Location: Halstead, Kansas, United States

This is my seventh year at Halstead which is also where I live with my wife and my soon to be two year old daughter.

Sunday, June 19, 2005

I Wish People Knew More History

Well, the Kansas Constitutional Crisis over school finance continues to heat up. The special legislative session will start this Wednesday and there are already four different plans to deal with the issue and some legislators are still talking about defying the court.

The Kansas Republican Assembly held a rally/protest against what they call "Activist Courts." The KRA is a far far far far far right wing group that claims to adhere to true conservative values but the more I read about them they seem to favor large government when it meets their social goals and small government when it opposes them (after all they support the death penalty which seems like a fairly large government invovlement). From reading their site I am fairly certain they would not have supported the Brown v Topeka Board of Education decision in 1954. Anyway the KRA has an online petition which says:

The Kansas Supreme Court overruled the voice of the people again on Friday, June 3, with its school finance ruling. It is time to stop these unelected and unaccountable judges by making them elected and accountable to the people they attempt to rule from the bench. Prior to 1958, judges were elected in Kansas. If you are in favor of a Constitutional amendment to have judges elected by the people in Kansas, please click here.

Currently, the Supreme Court memebers are chosen by a panel of lawyers and then approved by the Governor. I was wondering why the we changed from electing judges to the current method. After all, it would seem important to know the history of the issue before making any changes. What did my research show? The Kansas Bar Association had this:

Kansas was first admitted to the Union in 1861, at a time when elected judiciaries were the norm. However, dissatisfaction with the close interplay between political parties and judicial selection led to a series of reform efforts to transform judicial selection into a nonpartisan process. These efforts succeeded in 1958, when Kansas voters approved a constitutional amendment authorizing merit selection of supreme court justices. The amendment's success can be attributed to the intensive lobbying efforts of the Kansas Bar Association and the political scandal aptly titled the "triple play of 1956."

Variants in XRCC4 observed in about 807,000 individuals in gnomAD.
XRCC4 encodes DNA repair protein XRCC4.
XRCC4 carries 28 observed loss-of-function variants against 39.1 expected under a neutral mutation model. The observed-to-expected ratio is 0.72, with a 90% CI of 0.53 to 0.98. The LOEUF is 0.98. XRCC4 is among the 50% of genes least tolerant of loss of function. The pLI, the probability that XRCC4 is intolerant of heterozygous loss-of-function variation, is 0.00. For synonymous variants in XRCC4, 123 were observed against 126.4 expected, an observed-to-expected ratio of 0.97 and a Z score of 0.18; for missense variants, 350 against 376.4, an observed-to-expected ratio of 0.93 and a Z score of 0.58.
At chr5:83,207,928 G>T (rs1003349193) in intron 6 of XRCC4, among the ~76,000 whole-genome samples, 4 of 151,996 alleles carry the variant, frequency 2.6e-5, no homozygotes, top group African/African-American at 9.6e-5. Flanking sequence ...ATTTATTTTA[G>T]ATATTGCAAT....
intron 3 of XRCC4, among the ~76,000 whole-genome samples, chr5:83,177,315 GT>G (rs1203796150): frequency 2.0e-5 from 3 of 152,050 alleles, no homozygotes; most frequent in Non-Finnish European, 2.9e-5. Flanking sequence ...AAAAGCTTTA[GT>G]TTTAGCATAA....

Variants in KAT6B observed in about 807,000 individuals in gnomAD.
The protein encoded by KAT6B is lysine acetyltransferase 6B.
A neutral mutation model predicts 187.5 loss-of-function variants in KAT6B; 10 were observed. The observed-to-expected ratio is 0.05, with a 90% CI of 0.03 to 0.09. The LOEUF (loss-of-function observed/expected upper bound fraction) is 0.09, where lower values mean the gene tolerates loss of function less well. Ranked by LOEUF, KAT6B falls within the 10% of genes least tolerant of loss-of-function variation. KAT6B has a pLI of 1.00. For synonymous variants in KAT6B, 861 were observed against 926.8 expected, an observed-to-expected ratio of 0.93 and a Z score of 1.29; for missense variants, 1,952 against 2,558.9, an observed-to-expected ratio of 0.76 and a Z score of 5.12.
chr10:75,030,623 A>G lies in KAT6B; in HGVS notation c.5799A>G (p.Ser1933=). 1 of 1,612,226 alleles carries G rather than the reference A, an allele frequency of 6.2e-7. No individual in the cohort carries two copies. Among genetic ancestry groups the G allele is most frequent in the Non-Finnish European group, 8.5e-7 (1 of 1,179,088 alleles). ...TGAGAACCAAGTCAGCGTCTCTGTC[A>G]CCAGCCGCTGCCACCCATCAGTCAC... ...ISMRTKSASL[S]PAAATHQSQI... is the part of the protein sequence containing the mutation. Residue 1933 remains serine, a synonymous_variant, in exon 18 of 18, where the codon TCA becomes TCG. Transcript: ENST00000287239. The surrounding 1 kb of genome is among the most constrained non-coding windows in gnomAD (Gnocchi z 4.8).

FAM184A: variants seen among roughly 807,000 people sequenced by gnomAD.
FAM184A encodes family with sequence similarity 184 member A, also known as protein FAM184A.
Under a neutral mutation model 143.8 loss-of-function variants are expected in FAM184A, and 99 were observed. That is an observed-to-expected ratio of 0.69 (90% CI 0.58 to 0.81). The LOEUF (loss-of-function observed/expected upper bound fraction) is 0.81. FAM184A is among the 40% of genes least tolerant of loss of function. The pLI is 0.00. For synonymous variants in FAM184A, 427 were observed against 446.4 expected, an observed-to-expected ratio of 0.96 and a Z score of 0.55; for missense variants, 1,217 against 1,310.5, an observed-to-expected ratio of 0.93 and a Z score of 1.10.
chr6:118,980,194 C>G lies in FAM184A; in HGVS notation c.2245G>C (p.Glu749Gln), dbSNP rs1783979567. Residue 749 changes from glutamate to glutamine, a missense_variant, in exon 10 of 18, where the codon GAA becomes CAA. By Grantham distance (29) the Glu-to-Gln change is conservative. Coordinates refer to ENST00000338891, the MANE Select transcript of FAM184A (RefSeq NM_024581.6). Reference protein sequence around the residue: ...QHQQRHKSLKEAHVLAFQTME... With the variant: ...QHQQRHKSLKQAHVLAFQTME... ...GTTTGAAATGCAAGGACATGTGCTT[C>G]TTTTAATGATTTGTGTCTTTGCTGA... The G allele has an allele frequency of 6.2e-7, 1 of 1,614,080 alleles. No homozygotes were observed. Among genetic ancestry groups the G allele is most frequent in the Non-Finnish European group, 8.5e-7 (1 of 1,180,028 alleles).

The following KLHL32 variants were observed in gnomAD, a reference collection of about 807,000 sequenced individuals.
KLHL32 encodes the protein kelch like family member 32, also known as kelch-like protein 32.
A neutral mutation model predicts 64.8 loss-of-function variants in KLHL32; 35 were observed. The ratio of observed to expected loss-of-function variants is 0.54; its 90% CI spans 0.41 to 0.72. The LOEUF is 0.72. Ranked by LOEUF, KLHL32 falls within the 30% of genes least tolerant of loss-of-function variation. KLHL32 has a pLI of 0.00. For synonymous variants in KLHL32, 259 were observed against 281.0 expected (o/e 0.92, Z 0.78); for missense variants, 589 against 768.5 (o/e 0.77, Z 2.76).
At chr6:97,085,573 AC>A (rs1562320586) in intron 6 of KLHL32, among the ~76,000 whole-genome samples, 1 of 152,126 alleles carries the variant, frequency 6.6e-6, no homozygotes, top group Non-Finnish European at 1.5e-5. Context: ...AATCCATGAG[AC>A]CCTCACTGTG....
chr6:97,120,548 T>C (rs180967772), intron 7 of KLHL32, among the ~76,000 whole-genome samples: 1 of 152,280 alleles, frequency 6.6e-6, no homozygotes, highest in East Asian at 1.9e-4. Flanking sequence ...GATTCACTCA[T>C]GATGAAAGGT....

The "triple play" involved Chief Justice Bill Smith, Governor Fred Hall, and Lieutenant Governor John McCuish. The Republican Party, traditionally the dominant political party in Kansas, suffered a major split just prior to the 1956 election. In that election, Governor Hall was defeated in the Republican primary by Warren Shaw, who then lost the general election to Democrat George Docking. Chief Justice Smith, a strong supporter of Hall, was seriously ill and contemplating retirement. However, he was concerned that if he retired after Docking took office in January 1957, Docking would appoint a Democrat to replace him. Smith, Hall, and McCuish devised a plan to prevent this. Chief Justice Smith resigned on December 31, 1956, followed by the resignation of Governor Hall on January 3, 1957. Lieutenant Governor McCuish was then sworn in as governor. The first and only official act of his 11-day tenure as governor was to appoint Hall as chief justice of the supreme court.

In the wake of the "triple play," Kansas adopted a merit plan for supreme court justices. The merit plan was later extended to the court of appeals and the district court, with individual districts having the option to move to merit selection or maintain partisan elections. The majority of judicial districts in Kansas have chosen merit selection.

There have also been problems with the election of Justices in Missouri with political booses trying to control the selection process. I am concerned that people at the KRA are striving for a solution that will probably lead to larger problems. Its too bad school is not in session right now because it would be great learning opportunity for all of my students and I am sure the debates at the lunch table would be heated.


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